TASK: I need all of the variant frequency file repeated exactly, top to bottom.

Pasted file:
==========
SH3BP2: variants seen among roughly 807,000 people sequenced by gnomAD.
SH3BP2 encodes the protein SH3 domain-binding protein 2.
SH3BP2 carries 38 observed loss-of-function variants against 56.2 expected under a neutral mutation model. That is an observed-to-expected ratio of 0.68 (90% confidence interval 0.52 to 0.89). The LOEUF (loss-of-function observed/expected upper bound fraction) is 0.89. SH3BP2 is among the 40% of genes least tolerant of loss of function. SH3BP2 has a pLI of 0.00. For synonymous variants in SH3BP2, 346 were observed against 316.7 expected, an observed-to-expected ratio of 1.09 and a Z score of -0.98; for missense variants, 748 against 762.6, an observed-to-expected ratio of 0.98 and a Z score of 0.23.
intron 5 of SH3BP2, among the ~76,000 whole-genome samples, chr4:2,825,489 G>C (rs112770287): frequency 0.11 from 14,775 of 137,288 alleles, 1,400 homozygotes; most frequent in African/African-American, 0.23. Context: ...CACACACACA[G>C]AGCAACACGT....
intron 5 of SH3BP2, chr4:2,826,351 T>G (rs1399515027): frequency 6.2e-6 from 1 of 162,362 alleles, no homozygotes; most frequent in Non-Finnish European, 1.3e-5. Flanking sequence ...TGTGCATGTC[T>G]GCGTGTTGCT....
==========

SH3BP2: variants seen among roughly 807,000 people sequenced by gnomAD.
SH3BP2 encodes the protein SH3 domain-binding protein 2.
SH3BP2 carries 38 observed loss-of-function variants against 56.2 expected under a neutral mutation model. That is an observed-to-expected ratio of 0.68 (90% confidence interval 0.52 to 0.89). The LOEUF (loss-of-function observed/expected upper bound fraction) is 0.89. SH3BP2 is among the 40% of genes least tolerant of loss of function. SH3BP2 has a pLI of 0.00. For synonymous variants in SH3BP2, 346 were observed against 316.7 expected, an observed-to-expected ratio of 1.09 and a Z score of -0.98; for missense variants, 748 against 762.6, an observed-to-expected ratio of 0.98 and a Z score of 0.23.
intron 5 of SH3BP2, among the ~76,000 whole-genome samples, chr4:2,825,489 G>C (rs112770287): frequency 0.11 from 14,775 of 137,288 alleles, 1,400 homozygotes; most frequent in African/African-American, 0.23. Context: ...CACACACACA[G>C]AGCAACACGT....
intron 5 of SH3BP2, chr4:2,826,351 T>G (rs1399515027): frequency 6.2e-6 from 1 of 162,362 alleles, no homozygotes; most frequent in Non-Finnish European, 1.3e-5. Flanking sequence ...TGTGCATGTC[T>G]GCGTGTTGCT....